A recent Florida criminal case involving the search of a student in whose wallet marijuana was found illustrates the standard for properly searching a student for drugs at school. According to the Florida appellate court, the search of the student was found to be in violation of the Fourth Amendment to the Constitution because the teacher did not have reasonable suspicion to believe that the student was in possession of the marijuana or other drugs.
The Fourth Amendment to the Constitution protects people from unreasonable searches and seizures. In schools, the standard for searching a student is more liberal, i.e. a teacher or school official can search a student if he or she has a “reasonable suspicion” that the student is in possession of marijuana, cocaine or any other illegal drug. That reasonable suspicion cannot just be a hunch or intuition. A search of the student for illegal drugs must be based upon specific and articulable facts that reasonably warrant the search. In other words, the teacher or school official must be able to point to actual facts and logical inferences that reasonably led him or her to believe that the student was in possession of illegal drugs before the student was searched.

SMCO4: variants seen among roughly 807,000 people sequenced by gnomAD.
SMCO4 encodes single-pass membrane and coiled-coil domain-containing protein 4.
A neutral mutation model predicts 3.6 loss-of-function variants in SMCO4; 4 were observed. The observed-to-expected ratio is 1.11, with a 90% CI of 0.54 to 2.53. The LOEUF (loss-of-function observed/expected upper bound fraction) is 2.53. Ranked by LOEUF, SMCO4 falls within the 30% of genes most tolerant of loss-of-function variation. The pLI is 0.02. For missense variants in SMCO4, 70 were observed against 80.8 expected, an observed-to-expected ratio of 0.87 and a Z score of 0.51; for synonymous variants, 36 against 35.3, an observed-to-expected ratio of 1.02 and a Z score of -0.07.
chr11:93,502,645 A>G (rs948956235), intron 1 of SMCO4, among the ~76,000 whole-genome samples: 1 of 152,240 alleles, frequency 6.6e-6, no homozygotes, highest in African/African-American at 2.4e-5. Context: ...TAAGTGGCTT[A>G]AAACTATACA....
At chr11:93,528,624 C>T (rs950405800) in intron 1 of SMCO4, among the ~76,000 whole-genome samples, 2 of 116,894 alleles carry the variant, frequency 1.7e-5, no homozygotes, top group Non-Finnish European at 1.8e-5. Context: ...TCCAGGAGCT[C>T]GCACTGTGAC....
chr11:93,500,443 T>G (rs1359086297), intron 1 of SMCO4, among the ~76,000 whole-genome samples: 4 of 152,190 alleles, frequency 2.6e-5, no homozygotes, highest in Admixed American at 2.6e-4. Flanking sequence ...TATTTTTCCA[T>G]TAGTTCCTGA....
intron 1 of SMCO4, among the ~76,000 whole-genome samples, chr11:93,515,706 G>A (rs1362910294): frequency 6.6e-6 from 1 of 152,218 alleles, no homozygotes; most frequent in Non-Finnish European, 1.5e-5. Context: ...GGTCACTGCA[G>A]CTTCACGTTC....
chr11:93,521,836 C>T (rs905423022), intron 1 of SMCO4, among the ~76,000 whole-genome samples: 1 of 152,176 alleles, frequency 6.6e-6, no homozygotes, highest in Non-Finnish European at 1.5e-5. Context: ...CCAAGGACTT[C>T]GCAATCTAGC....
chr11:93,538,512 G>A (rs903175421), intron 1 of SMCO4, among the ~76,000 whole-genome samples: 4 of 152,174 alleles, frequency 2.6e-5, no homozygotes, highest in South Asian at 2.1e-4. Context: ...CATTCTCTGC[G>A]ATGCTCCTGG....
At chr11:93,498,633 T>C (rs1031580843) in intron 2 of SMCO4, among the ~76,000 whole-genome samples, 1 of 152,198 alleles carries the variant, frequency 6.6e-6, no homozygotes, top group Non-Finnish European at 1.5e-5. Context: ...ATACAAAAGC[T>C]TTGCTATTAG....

In this recent Florida criminal case, a student walked into a classroom where he did not belong. The teacher asked the unauthorized student to leave and escorted him out of the classroom. When the teacher walked back into the classroom, she smelled an odor of marijuana for the first time. She then took the student to the principal’s office where his wallet was searched. A bag of marijuana was found inside.
The Florida appellate court found that there was not a sufficient legal basis to search the student for marijuana. While the teacher did smell marijuana, she could not articulate any facts that reasonably led her to believe that the smell of marijuana was coming from that student, as opposed to another student or other sources. As a result, the search of the student was held to be illegal, and the marijuana could not be used against the student in court. Of course, the student was still subject to punishment from the school for having marijuana in school, but he was not subject to prosecution for the drug crime of possession of marijuana because the teacher’s search did not meet the reasonable suspicion standard.